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Equine Law

So hopefully you’re not out to find someone that can help you sue and things somehow relate to horses. However, there are many practices that provide law services and specialise in equine law. Services could be related to storm water compliance, manure management, hazardous waste contamination and land use permitting and entitlement issues.

Or perhaps advise on the purchase, sale or lease of horses and horse facilities, equine insurance, boarding disputes, breeding disputes, trainers, horse parks, horse associations, non-profit entities, tack and feed stores and other equestrian businesses, risk management, employment disputes, intellectual property protection, entity formation, and estate planning.

For someone with a law background, or who plans to go into this area or is currently studying and has a passion for horses, perhaps it would be worthwhile looking into a practice/s that already provide services in this area. It’s also not a bad idea to have a few contacts if you are setting up your own place or are leasing out/selling horses or providing another service relating to equines.

Some firms to look at:
Equine Law Firms – United States of America Equine Law.
BB&K – California Law Firm.
Gabriel Ruddy and Garret – Qld, Australia.
Equine Law – Legal News and Featured Articles.
Tilly Bailey Irvine – Equine Law.
Horse Force – standard legal contracts to the horse industry.

“They say he rides like part of the horse, but they don’t say which part” – Filmgoer’s Companion 1965

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2 Responses to “Equine Law”

  • susan rose:

    is it possible to do something about a large breeder who kept my horses after stud for many months for supposed preg tests and then my mare eventually gave birth to twins, both dead (yesterday) my vet said it should never have happened with such a large breeder.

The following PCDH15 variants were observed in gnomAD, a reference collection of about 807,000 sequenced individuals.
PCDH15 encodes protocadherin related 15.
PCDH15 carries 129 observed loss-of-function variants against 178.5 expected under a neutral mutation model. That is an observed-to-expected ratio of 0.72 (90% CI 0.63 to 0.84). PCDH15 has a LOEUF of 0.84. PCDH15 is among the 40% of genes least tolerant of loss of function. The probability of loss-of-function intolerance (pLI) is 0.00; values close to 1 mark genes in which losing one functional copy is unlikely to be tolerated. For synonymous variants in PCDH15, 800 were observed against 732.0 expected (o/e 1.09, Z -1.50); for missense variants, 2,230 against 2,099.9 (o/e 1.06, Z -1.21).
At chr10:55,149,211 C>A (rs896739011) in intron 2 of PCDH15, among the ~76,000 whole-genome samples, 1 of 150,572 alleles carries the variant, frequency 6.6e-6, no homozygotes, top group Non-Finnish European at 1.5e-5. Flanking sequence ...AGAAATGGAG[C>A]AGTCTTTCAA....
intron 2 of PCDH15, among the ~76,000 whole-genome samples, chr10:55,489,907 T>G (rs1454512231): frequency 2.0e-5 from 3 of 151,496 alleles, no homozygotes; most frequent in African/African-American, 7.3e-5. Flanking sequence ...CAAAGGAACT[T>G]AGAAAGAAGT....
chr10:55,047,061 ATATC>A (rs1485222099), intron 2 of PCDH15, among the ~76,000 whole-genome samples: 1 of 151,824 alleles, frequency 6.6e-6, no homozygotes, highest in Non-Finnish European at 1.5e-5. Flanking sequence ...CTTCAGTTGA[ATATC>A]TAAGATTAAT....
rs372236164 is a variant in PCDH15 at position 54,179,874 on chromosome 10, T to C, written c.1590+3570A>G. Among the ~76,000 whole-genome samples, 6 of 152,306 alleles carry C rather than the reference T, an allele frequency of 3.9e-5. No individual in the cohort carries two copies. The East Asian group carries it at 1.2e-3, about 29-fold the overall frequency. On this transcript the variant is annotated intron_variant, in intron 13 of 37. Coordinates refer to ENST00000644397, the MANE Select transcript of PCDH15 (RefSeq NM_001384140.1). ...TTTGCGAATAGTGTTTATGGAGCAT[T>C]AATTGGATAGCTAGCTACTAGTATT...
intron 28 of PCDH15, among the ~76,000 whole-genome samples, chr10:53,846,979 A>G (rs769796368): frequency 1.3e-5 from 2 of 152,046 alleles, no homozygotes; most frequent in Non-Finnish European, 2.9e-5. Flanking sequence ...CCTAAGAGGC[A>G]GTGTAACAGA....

the other instance is a horse of mine placed in the same breeders care for showing being injured severely on the first day ruining any opportunity of showing in the future.

  • Hi Susan,

    Personally I don’t know what the go is with regards to the law and your situation… having worked on a few studs – small and large, I know it’s possible for a twin pregnancy to be missed on one scan but that is one of the reasons we tend to do three scans before the stud fee is due.

    If the stud claimed that they did carry out pregnancy tests on your mare, is it possible to chase up who did the vetting and see the vet records to at least ascertain if the vetting was done? As much as twins can get missed, it’s a given that if a mare has two ovulations around the time that she was bred that there’s a chance of twins and we often find this to be the case and the vet has to terminate one of the pregnancies…

    I’d be chasing up someone who works with horse law and finding out if the scans did indeed take place.

    Chris

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